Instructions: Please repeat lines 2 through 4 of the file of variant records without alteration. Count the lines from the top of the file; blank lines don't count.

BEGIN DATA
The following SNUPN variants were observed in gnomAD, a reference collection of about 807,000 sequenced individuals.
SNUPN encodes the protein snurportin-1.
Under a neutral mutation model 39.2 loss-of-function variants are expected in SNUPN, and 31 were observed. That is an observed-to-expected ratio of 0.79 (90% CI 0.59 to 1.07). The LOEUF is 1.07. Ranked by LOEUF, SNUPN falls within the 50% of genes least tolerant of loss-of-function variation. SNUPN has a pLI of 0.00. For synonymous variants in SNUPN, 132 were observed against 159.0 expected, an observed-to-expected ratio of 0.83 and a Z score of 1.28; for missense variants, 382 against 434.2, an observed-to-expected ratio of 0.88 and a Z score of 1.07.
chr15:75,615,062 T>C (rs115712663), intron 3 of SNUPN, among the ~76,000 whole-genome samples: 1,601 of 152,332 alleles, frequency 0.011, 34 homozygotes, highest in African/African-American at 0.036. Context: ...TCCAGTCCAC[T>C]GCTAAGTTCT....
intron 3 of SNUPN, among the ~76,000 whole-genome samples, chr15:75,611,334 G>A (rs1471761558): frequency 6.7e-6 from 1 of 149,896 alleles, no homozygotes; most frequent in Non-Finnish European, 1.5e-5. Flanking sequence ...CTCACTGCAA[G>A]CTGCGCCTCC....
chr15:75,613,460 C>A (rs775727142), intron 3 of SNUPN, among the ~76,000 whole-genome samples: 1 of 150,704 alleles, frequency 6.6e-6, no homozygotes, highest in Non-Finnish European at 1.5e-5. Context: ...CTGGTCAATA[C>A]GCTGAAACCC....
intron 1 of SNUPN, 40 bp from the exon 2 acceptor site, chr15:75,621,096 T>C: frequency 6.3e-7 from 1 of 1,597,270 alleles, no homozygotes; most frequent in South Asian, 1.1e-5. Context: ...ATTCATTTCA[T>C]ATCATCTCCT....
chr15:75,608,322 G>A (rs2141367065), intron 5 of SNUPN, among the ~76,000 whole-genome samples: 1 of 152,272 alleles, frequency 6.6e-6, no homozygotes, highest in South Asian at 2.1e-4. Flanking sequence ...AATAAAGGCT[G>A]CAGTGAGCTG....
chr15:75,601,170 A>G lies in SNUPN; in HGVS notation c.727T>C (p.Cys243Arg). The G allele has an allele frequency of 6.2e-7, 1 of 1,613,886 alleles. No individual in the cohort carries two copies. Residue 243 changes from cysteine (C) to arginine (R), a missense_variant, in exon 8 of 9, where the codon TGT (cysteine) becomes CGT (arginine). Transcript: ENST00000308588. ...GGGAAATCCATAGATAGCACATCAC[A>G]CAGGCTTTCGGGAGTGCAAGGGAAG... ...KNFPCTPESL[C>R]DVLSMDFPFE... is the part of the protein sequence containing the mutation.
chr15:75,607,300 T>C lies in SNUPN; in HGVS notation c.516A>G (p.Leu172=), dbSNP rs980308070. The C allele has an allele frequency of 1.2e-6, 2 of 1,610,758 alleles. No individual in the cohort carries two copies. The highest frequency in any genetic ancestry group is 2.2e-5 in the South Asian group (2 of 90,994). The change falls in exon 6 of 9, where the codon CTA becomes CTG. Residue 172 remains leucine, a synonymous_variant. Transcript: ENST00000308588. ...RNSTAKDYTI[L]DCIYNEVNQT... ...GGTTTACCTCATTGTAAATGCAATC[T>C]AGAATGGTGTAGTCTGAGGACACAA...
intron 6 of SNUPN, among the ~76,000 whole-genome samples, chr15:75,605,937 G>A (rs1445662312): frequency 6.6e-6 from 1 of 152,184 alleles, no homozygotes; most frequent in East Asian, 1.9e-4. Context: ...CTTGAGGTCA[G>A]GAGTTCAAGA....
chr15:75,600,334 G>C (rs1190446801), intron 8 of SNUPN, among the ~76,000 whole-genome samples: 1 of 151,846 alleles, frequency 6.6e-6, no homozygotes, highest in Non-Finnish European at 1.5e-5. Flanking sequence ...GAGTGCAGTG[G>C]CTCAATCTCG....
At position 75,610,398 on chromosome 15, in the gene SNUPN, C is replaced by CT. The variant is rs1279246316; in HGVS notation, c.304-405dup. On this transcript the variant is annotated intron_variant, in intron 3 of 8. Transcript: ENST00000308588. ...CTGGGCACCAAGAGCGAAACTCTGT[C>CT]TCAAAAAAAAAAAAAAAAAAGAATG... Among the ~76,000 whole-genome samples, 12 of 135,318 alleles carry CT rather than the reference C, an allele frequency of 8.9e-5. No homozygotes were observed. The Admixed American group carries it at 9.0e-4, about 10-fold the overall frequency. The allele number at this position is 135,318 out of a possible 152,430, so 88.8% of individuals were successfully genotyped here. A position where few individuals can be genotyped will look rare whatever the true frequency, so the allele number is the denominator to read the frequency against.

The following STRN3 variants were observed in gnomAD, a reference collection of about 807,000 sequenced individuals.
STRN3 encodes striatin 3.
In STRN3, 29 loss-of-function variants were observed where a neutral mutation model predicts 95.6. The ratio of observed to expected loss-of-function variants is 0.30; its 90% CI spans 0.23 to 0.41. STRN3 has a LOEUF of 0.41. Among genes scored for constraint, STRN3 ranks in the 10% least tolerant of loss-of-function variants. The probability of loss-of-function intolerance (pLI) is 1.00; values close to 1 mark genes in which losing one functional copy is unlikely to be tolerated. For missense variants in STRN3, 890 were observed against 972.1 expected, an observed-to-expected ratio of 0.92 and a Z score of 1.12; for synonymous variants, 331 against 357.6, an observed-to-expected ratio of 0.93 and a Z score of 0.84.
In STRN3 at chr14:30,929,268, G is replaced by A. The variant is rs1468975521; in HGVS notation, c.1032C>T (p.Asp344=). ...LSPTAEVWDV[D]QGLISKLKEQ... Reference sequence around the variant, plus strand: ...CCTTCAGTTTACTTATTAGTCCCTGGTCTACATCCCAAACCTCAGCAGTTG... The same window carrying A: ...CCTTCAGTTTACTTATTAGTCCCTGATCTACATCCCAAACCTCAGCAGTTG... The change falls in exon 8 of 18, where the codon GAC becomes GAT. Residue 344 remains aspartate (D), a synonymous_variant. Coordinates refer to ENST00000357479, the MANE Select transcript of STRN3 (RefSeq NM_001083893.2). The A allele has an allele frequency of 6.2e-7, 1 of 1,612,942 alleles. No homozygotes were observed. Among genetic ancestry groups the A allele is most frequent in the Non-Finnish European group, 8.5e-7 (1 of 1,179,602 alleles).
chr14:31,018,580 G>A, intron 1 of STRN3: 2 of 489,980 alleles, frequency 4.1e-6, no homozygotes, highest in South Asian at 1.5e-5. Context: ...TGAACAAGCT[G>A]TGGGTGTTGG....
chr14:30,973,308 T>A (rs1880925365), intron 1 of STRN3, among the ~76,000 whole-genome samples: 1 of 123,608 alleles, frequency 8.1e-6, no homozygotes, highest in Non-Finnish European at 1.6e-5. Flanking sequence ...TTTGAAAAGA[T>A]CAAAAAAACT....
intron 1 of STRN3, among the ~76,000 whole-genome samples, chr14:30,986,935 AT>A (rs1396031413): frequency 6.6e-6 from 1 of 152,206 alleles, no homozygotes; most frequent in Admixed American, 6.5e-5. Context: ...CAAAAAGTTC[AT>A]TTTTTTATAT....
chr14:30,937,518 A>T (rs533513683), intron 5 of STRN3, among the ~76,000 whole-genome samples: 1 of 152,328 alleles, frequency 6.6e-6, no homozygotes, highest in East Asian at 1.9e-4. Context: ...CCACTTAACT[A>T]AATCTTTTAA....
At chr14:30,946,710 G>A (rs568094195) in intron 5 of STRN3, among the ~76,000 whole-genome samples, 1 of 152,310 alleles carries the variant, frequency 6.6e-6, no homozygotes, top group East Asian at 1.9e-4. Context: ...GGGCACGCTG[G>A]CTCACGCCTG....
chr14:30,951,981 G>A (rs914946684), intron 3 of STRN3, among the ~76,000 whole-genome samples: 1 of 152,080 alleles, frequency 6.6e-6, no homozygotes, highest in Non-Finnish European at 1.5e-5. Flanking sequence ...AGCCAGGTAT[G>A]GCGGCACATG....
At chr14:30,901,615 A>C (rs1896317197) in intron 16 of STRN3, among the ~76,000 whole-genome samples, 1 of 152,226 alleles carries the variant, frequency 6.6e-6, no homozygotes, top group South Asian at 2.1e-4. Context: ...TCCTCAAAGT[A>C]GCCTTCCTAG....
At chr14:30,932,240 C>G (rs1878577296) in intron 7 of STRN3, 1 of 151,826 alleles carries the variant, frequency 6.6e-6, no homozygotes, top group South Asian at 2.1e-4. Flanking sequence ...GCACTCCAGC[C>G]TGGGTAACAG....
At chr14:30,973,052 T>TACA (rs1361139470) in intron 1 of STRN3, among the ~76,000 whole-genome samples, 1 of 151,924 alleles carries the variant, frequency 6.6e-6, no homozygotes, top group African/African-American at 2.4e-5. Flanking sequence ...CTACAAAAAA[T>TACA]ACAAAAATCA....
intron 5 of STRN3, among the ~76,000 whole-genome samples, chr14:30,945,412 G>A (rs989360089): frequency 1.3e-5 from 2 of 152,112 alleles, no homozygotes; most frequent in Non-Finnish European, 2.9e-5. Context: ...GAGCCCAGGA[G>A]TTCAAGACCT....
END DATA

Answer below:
SNUPN encodes the protein snurportin-1.
Under a neutral mutation model 39.2 loss-of-function variants are expected in SNUPN, and 31 were observed. That is an observed-to-expected ratio of 0.79 (90% CI 0.59 to 1.07). The LOEUF is 1.07. Ranked by LOEUF, SNUPN falls within the 50% of genes least tolerant of loss-of-function variation. SNUPN has a pLI of 0.00. For synonymous variants in SNUPN, 132 were observed against 159.0 expected, an observed-to-expected ratio of 0.83 and a Z score of 1.28; for missense variants, 382 against 434.2, an observed-to-expected ratio of 0.88 and a Z score of 1.07.
chr15:75,615,062 T>C (rs115712663), intron 3 of SNUPN, among the ~76,000 whole-genome samples: 1,601 of 152,332 alleles, frequency 0.011, 34 homozygotes, highest in African/African-American at 0.036. Context: ...TCCAGTCCAC[T>C]GCTAAGTTCT....